Time Spent on Each Social Platform Per Day, in Seconds
Over the period we analyzed, users spent an average of 13 minutes and 5 seconds per day on TikTok, which was significantly less than the 19 minutes and 41 seconds users spent on Facebook every day.
Although not the leaders in time spent on a social app, TikTok and Instagram experienced the highest growth in time spent when comparing Q1 2018 to Q1 2019, at 4.5% and 7.6% growth respectively.
As for how many times each app was opened each day, TikTok came in last, at an average of 5.2 times per user. Instagram was opened an average of 8.9 times a day, Twitter was opened about 7.9 times, Facebook was opened around 10.2 times, and Snapchat’s users opened the app an average of 14.3 times a day.
How do TikTok’s users feel about the app?
A key piece of analysis we wanted to include was social sentiment in the United States and Canada over the last 18 months, to see how users really felt about TikTok.
Between January 2018 and June 2019, sentiment towards TikTok was overwhelmingly positive, at 76%. Peaks in positive sentiment towards TikTok coincide with users sharing viral TikTok content on other social media platforms, such as Twitter.
Common negative drivers of TikTok sentiment included the introduction of ads on TikTok, comparisons to Vine, and confusion around the sudden prominence of TikTok among non-users.
Based on this data, it was clear that TikTok users enjoy the platform, and can help explain its healthy retention rates.
Can TikTok buy its way to the top?
A very important detail about TikTok’s growth is that ByteDance has been investing heavily in advertising. It spent almost $1 billion in 2018 alone to drive TikTok downloads, according to the Wall Street Journal, which reported that TikTok’s ad spend in the U.S. reached as high as $3 million a day.
That said, TikTok’s ad budget may not have been spent in traditional ways, making it more difficult to measure.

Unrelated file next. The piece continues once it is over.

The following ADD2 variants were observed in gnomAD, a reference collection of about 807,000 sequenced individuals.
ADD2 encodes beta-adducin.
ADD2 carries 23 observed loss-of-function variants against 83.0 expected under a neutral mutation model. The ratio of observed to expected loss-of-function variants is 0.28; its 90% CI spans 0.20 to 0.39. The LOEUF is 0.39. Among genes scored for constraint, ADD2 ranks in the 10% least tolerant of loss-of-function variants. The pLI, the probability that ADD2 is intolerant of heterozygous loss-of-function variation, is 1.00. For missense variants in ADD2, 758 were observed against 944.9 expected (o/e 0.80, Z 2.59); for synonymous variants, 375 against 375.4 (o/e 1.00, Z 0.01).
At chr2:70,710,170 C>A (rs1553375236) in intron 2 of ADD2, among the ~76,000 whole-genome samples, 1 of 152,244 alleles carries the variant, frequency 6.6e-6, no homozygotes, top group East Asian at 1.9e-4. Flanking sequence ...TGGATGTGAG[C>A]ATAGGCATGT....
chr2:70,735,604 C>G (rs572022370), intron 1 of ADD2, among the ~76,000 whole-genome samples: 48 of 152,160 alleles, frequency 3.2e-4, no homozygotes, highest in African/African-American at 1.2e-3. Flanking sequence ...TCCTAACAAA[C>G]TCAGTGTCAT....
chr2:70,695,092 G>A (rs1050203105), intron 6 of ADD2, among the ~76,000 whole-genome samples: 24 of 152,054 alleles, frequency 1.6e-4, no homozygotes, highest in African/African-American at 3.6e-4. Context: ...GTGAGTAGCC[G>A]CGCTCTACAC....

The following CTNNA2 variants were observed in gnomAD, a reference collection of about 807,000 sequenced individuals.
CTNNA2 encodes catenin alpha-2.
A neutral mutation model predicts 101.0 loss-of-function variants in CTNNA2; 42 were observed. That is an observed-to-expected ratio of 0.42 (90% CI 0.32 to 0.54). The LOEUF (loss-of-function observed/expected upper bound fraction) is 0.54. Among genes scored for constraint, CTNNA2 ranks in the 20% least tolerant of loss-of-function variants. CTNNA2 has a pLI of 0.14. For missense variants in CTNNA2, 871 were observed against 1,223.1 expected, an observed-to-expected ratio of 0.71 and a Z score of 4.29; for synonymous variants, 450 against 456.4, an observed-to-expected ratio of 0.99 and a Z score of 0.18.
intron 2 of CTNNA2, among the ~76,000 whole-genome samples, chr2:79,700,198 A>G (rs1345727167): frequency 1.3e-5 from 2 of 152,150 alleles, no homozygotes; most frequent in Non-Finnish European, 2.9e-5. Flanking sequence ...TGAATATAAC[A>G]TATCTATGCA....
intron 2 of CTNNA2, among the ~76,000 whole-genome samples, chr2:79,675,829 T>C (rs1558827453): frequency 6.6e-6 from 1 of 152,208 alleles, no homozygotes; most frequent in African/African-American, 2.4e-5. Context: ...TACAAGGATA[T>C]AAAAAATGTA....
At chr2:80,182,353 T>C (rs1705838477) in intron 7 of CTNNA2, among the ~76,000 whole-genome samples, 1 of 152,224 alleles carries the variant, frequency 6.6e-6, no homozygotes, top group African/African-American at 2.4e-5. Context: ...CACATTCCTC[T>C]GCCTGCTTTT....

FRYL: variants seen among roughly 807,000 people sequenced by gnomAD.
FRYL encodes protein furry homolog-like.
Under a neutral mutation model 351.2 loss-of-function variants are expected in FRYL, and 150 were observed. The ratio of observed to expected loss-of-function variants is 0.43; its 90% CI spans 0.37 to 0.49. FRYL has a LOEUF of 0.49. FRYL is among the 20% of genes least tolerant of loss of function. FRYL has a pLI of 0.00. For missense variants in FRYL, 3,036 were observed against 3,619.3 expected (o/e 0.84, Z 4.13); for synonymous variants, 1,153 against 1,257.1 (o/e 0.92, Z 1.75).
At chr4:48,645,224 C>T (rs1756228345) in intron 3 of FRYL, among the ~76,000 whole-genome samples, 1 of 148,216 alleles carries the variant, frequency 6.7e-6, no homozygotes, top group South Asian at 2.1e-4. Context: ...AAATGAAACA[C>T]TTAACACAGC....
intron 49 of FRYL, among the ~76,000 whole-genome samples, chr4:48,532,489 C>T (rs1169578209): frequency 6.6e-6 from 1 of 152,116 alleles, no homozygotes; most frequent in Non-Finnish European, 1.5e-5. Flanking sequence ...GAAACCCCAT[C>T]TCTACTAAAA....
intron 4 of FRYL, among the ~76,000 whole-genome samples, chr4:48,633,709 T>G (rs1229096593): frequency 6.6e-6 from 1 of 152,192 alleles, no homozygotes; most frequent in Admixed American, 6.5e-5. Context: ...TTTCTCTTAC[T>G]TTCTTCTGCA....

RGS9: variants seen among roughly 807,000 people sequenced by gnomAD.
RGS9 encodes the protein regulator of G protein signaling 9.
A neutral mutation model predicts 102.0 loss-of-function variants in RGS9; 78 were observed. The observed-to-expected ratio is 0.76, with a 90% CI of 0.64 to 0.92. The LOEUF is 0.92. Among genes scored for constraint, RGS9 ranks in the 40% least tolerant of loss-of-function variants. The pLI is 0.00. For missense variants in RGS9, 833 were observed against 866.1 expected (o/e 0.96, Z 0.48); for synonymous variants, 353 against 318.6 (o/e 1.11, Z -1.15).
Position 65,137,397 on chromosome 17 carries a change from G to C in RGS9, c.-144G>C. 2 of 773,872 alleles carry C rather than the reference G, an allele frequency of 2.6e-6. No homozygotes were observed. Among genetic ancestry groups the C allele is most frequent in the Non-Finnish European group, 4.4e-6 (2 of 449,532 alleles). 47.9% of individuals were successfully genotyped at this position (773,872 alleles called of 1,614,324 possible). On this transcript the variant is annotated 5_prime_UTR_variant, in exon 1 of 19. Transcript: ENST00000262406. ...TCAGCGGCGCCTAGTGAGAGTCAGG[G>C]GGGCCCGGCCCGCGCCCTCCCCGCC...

As the WSJ reported in June 2019, “Earlier this year, TikTok started approaching people with large followings on Instagram to ask if they would run TikTok ads to attract users, a person familiar with the matter said. In one case, TikTok paid more than $1 million for an influencer to run a single video, the person said.”
Our own research using Pathmatics only revealed about $8.5 million of that spend. Among the top creatives from that investment came the following ad, which had an estimated spend of about $1 million in 2018:
Of the ad data attributed to direct spending by TikTok, YouTube ads were TikTok’s strongest investment, at an estimated $4.7 million in 2018, generating around 365.8 million impressions. This included buying banner space on YouTube’s landing page for about $1.1 million between August 3-4, another $1.8 million between December 27-30, and two smaller spends of $140k each at the end of December.
The site TikTok invested second-most in for ad spend was Facebook, at about $4.7 million, or about 402.3 million impressions.
With its parent company valued at $75 billion — the highest valuation of any private tech company in the world — TikTok is well-armed to compete against social’s biggest giants. TikTok even has a viable shot at dethroning social’s current leaders in the U.S., or at the very least, significantly disrupting the market.